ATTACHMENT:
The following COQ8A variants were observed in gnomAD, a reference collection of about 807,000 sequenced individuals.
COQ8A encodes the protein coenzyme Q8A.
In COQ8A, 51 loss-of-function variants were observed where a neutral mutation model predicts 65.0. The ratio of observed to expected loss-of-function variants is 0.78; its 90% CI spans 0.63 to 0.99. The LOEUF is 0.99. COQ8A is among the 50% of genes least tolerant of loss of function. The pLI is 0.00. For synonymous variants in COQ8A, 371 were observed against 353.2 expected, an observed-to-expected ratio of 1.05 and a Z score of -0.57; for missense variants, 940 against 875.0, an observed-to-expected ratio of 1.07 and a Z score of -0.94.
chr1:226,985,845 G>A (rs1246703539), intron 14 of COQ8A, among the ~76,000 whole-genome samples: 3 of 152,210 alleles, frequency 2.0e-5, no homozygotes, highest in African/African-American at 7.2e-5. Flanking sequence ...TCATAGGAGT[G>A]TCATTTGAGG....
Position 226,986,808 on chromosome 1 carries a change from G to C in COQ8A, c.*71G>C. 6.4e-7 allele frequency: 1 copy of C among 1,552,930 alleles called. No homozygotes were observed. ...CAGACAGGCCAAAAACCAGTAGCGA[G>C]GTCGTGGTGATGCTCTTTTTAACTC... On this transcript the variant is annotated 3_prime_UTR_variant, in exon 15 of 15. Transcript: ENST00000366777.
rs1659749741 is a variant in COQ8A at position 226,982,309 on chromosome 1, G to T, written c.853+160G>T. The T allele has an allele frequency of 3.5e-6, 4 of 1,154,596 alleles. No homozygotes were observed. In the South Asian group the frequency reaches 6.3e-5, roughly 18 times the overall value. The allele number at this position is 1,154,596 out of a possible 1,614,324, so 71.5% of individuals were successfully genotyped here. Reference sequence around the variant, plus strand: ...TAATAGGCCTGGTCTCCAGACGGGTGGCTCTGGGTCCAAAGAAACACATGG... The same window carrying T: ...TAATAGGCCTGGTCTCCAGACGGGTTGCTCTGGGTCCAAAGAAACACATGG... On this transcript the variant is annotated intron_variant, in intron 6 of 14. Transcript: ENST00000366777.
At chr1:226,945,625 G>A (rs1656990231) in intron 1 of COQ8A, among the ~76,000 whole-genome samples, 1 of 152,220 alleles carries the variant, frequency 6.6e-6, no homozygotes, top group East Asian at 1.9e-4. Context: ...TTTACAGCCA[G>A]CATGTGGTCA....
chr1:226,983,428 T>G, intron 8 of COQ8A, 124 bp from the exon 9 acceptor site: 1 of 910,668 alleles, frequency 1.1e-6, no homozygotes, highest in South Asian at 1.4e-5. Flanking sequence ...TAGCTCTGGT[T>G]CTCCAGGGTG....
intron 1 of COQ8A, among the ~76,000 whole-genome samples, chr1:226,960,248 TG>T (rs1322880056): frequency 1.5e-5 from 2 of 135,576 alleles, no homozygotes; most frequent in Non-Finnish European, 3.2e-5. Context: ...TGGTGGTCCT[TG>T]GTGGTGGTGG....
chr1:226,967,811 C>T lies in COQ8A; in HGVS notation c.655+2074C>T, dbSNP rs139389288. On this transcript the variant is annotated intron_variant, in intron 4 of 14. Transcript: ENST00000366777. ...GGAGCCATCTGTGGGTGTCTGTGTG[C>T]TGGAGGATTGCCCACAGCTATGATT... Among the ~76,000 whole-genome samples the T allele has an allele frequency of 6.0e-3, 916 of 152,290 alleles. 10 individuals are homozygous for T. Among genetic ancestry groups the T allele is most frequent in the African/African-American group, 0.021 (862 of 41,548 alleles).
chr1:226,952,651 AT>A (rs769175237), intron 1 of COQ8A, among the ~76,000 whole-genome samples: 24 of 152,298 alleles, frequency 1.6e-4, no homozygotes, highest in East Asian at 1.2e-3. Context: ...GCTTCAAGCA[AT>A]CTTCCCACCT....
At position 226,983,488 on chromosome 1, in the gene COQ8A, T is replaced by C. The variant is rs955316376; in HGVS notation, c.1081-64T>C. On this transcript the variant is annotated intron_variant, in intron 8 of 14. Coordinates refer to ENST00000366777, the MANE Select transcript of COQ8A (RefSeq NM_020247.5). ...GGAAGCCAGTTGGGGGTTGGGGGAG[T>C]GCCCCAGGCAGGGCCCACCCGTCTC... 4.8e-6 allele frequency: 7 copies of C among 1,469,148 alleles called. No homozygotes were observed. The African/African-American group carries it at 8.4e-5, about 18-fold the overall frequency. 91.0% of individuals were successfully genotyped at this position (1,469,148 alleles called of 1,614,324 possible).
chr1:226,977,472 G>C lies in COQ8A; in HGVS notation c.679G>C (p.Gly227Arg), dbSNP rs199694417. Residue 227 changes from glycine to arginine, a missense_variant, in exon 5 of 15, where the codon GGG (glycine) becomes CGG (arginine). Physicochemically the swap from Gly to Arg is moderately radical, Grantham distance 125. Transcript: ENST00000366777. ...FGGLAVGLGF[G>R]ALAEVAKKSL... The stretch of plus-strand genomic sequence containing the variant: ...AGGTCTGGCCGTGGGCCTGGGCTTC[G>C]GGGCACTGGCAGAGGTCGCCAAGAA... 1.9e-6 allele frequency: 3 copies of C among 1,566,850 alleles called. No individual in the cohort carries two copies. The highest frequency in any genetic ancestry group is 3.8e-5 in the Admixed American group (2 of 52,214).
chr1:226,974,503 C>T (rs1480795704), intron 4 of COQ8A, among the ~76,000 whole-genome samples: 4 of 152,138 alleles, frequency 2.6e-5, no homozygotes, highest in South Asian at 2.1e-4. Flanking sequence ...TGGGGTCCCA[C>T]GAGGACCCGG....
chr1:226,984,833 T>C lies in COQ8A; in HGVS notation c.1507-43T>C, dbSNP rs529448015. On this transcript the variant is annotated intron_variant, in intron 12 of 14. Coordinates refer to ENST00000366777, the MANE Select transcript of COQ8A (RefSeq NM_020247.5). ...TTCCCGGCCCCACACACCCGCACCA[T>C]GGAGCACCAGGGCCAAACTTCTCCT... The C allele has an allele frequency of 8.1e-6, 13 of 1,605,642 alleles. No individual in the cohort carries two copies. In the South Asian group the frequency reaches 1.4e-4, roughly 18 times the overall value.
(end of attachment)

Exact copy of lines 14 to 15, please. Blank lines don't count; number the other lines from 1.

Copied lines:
chr1:226,974,503 C>T (rs1480795704), intron 4 of COQ8A, among the ~76,000 whole-genome samples: 4 of 152,138 alleles, frequency 2.6e-5, no homozygotes, highest in South Asian at 2.1e-4. Flanking sequence ...TGGGGTCCCA[C>T]GAGGACCCGG....
chr1:226,984,833 T>C lies in COQ8A; in HGVS notation c.1507-43T>C, dbSNP rs529448015. On this transcript the variant is annotated intron_variant, in intron 12 of 14. Coordinates refer to ENST00000366777, the MANE Select transcript of COQ8A (RefSeq NM_020247.5). ...TTCCCGGCCCCACACACCCGCACCA[T>C]GGAGCACCAGGGCCAAACTTCTCCT... The C allele has an allele frequency of 8.1e-6, 13 of 1,605,642 alleles. No individual in the cohort carries two copies. In the South Asian group the frequency reaches 1.4e-4, roughly 18 times the overall value.